Whether it's a birthday, graduation, or wedding cake, that mound of sweet goodness signifies a positive milestone in life. The history of cakes date back to ancient Greek and Roman cultures, and have become a staple for many different celebrations.
The traditional way of cutting a cake is by placing the knife in the center of the cake and cutting each piece into triangles. However, author Alex Bellos says that we have been doing this all wrong. According to a piece written by mathematician Sir Francis Galton in a December 1906 issue of the journal Nature, cutting a cake all the way across is a better way to minimize spoilage. It also helps for storage, and keeps the cake moist.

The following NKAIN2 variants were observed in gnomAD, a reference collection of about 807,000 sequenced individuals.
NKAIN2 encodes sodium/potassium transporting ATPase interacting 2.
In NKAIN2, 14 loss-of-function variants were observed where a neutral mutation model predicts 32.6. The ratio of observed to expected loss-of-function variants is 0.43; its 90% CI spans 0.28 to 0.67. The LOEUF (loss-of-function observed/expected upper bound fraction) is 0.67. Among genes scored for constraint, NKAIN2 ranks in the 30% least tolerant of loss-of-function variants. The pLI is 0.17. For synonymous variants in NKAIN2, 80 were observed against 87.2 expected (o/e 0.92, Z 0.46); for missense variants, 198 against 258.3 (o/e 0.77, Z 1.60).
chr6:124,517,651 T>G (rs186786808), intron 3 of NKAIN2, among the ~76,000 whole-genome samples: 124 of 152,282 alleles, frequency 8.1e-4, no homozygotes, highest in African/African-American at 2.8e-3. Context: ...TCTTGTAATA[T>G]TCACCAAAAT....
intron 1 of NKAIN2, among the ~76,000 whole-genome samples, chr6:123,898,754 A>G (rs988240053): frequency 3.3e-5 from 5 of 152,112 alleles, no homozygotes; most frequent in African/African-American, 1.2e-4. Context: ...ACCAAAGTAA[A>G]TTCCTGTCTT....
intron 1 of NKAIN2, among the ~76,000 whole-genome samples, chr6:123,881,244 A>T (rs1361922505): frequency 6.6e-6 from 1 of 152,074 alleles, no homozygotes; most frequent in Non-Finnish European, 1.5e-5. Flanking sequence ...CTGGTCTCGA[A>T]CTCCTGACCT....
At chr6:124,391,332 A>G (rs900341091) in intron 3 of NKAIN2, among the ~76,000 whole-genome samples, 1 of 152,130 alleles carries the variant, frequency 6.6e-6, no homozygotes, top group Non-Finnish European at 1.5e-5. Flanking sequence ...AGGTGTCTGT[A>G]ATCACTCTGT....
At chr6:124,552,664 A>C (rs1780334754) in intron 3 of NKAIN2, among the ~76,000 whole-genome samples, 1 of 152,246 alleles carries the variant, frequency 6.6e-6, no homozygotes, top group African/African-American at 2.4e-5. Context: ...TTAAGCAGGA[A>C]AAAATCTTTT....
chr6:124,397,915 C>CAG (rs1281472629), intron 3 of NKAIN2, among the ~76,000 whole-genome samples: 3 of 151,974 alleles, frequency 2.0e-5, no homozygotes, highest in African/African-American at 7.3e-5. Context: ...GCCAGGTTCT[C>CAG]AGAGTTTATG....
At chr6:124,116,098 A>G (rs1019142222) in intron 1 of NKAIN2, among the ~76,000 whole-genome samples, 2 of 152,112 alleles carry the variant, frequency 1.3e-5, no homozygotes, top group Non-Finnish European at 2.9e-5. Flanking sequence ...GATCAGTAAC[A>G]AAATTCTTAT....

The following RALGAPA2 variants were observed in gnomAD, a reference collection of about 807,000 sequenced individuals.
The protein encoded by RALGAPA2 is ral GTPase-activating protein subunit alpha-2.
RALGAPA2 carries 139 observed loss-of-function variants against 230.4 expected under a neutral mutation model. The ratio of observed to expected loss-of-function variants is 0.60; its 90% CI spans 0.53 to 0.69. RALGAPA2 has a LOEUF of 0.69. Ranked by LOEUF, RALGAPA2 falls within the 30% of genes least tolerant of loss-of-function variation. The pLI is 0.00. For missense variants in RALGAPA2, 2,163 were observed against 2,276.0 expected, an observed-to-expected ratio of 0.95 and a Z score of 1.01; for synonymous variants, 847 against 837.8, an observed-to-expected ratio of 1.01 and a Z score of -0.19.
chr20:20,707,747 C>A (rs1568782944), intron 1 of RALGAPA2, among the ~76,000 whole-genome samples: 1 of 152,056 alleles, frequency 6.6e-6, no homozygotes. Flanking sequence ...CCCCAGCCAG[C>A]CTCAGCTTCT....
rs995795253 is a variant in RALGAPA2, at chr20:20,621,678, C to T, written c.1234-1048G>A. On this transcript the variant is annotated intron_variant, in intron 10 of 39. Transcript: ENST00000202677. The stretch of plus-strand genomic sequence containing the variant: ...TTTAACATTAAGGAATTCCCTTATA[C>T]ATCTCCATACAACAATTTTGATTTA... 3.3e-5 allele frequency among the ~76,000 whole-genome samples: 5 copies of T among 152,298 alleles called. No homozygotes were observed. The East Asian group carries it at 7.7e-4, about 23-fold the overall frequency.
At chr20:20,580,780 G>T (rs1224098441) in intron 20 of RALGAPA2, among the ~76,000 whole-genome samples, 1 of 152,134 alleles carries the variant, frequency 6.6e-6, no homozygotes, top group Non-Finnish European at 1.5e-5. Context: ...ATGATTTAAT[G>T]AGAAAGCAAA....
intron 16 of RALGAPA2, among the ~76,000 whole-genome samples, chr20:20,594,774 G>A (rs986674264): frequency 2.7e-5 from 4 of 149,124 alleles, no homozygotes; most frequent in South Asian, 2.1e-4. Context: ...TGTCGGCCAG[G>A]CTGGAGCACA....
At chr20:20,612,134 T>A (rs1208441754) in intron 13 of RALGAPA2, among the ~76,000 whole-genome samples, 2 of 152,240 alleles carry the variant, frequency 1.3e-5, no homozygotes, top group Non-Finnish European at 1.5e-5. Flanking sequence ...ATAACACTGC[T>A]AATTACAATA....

"[Galton] was the king of measurement, and he was very English. He loved tea and cake," Bellos told ABC News. "He's not a household name, but so many of the things he invented are things we take for granted in the modern world." Bellos, who is the author of The Grapes of Math, demonstrated the process in a video on Numberphile's YouTube channel.
He says that the first slice should be directly down the middle of the cake. Then you just slide the two halves together so that the cake is back to looking like a whole piece. Then, you keep slicing until the cake is finished. You can even secure the cake with a rubber band in order to maintain freshness.
Of course, this whole process can be ignored if you want to have your cake and eat it too — all in one sitting.